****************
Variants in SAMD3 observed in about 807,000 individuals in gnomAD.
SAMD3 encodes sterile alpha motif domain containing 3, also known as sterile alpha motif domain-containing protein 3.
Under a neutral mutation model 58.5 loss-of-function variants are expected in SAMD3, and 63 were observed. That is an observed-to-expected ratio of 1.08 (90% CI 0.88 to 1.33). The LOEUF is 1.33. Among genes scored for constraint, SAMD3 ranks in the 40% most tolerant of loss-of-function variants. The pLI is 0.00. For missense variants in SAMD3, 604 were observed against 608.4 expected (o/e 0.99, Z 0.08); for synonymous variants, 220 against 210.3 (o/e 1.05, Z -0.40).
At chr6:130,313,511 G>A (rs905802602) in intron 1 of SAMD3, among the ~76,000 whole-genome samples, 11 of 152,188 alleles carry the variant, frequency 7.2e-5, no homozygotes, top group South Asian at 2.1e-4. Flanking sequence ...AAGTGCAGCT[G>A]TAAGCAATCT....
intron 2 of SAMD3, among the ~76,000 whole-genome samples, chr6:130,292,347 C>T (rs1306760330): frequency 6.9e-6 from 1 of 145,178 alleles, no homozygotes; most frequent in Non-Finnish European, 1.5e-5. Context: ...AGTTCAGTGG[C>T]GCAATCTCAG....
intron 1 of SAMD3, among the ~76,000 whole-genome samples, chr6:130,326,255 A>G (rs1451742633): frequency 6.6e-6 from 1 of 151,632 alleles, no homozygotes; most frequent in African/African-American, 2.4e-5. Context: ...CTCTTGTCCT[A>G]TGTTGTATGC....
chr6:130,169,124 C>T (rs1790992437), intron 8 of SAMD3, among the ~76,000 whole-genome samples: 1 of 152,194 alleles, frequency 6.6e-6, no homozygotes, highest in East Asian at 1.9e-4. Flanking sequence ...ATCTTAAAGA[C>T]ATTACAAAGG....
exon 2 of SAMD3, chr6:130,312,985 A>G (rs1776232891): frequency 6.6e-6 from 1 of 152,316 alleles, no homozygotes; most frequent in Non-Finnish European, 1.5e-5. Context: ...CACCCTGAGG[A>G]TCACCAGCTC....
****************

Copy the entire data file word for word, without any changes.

Variants in SAMD3 observed in about 807,000 individuals in gnomAD.
SAMD3 encodes sterile alpha motif domain containing 3, also known as sterile alpha motif domain-containing protein 3.
Under a neutral mutation model 58.5 loss-of-function variants are expected in SAMD3, and 63 were observed. That is an observed-to-expected ratio of 1.08 (90% CI 0.88 to 1.33). The LOEUF is 1.33. Among genes scored for constraint, SAMD3 ranks in the 40% most tolerant of loss-of-function variants. The pLI is 0.00. For missense variants in SAMD3, 604 were observed against 608.4 expected (o/e 0.99, Z 0.08); for synonymous variants, 220 against 210.3 (o/e 1.05, Z -0.40).
At chr6:130,313,511 G>A (rs905802602) in intron 1 of SAMD3, among the ~76,000 whole-genome samples, 11 of 152,188 alleles carry the variant, frequency 7.2e-5, no homozygotes, top group South Asian at 2.1e-4. Flanking sequence ...AAGTGCAGCT[G>A]TAAGCAATCT....
intron 2 of SAMD3, among the ~76,000 whole-genome samples, chr6:130,292,347 C>T (rs1306760330): frequency 6.9e-6 from 1 of 145,178 alleles, no homozygotes; most frequent in Non-Finnish European, 1.5e-5. Context: ...AGTTCAGTGG[C>T]GCAATCTCAG....
intron 1 of SAMD3, among the ~76,000 whole-genome samples, chr6:130,326,255 A>G (rs1451742633): frequency 6.6e-6 from 1 of 151,632 alleles, no homozygotes; most frequent in African/African-American, 2.4e-5. Context: ...CTCTTGTCCT[A>G]TGTTGTATGC....
chr6:130,169,124 C>T (rs1790992437), intron 8 of SAMD3, among the ~76,000 whole-genome samples: 1 of 152,194 alleles, frequency 6.6e-6, no homozygotes, highest in East Asian at 1.9e-4. Flanking sequence ...ATCTTAAAGA[C>T]ATTACAAAGG....
exon 2 of SAMD3, chr6:130,312,985 A>G (rs1776232891): frequency 6.6e-6 from 1 of 152,316 alleles, no homozygotes; most frequent in Non-Finnish European, 1.5e-5. Context: ...CACCCTGAGG[A>G]TCACCAGCTC....